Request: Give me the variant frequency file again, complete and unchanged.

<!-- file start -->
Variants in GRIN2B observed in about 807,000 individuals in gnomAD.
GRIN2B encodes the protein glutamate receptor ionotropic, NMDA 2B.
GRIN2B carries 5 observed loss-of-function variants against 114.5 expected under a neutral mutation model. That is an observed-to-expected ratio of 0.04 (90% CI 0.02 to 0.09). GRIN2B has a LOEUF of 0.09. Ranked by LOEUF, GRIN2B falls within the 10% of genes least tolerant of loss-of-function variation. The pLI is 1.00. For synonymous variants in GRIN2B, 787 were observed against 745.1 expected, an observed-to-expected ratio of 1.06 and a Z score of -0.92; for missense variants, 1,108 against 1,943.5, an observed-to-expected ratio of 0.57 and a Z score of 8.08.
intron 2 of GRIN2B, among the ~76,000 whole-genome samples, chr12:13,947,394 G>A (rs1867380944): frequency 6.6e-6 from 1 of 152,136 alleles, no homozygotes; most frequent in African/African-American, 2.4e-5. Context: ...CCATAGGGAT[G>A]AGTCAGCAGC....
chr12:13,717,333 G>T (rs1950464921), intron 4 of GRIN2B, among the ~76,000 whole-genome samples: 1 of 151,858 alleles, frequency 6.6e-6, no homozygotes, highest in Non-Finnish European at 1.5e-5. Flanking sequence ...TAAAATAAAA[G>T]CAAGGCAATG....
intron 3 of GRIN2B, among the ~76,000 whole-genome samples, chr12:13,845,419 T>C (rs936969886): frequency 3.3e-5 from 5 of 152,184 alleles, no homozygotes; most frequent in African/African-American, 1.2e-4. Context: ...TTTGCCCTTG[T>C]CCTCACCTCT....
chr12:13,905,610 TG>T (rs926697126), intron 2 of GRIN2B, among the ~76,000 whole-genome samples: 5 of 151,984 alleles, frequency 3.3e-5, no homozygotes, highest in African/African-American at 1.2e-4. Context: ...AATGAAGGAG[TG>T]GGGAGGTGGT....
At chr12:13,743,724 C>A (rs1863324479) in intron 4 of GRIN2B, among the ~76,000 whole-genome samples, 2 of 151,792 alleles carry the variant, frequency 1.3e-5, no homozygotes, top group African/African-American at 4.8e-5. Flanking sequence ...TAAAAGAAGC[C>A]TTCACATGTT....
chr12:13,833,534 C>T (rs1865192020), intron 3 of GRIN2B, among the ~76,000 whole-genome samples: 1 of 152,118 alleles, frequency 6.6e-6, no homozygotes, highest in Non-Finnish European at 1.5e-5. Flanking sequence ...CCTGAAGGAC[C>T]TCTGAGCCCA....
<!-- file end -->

Variants in GRIN2B observed in about 807,000 individuals in gnomAD.
GRIN2B encodes the protein glutamate receptor ionotropic, NMDA 2B.
GRIN2B carries 5 observed loss-of-function variants against 114.5 expected under a neutral mutation model. That is an observed-to-expected ratio of 0.04 (90% CI 0.02 to 0.09). GRIN2B has a LOEUF of 0.09. Ranked by LOEUF, GRIN2B falls within the 10% of genes least tolerant of loss-of-function variation. The pLI is 1.00. For synonymous variants in GRIN2B, 787 were observed against 745.1 expected, an observed-to-expected ratio of 1.06 and a Z score of -0.92; for missense variants, 1,108 against 1,943.5, an observed-to-expected ratio of 0.57 and a Z score of 8.08.
intron 2 of GRIN2B, among the ~76,000 whole-genome samples, chr12:13,947,394 G>A (rs1867380944): frequency 6.6e-6 from 1 of 152,136 alleles, no homozygotes; most frequent in African/African-American, 2.4e-5. Context: ...CCATAGGGAT[G>A]AGTCAGCAGC....
chr12:13,717,333 G>T (rs1950464921), intron 4 of GRIN2B, among the ~76,000 whole-genome samples: 1 of 151,858 alleles, frequency 6.6e-6, no homozygotes, highest in Non-Finnish European at 1.5e-5. Flanking sequence ...TAAAATAAAA[G>T]CAAGGCAATG....
intron 3 of GRIN2B, among the ~76,000 whole-genome samples, chr12:13,845,419 T>C (rs936969886): frequency 3.3e-5 from 5 of 152,184 alleles, no homozygotes; most frequent in African/African-American, 1.2e-4. Context: ...TTTGCCCTTG[T>C]CCTCACCTCT....
chr12:13,905,610 TG>T (rs926697126), intron 2 of GRIN2B, among the ~76,000 whole-genome samples: 5 of 151,984 alleles, frequency 3.3e-5, no homozygotes, highest in African/African-American at 1.2e-4. Context: ...AATGAAGGAG[TG>T]GGGAGGTGGT....
At chr12:13,743,724 C>A (rs1863324479) in intron 4 of GRIN2B, among the ~76,000 whole-genome samples, 2 of 151,792 alleles carry the variant, frequency 1.3e-5, no homozygotes, top group African/African-American at 4.8e-5. Flanking sequence ...TAAAAGAAGC[C>A]TTCACATGTT....
chr12:13,833,534 C>T (rs1865192020), intron 3 of GRIN2B, among the ~76,000 whole-genome samples: 1 of 152,118 alleles, frequency 6.6e-6, no homozygotes, highest in Non-Finnish European at 1.5e-5. Flanking sequence ...CCTGAAGGAC[C>T]TCTGAGCCCA....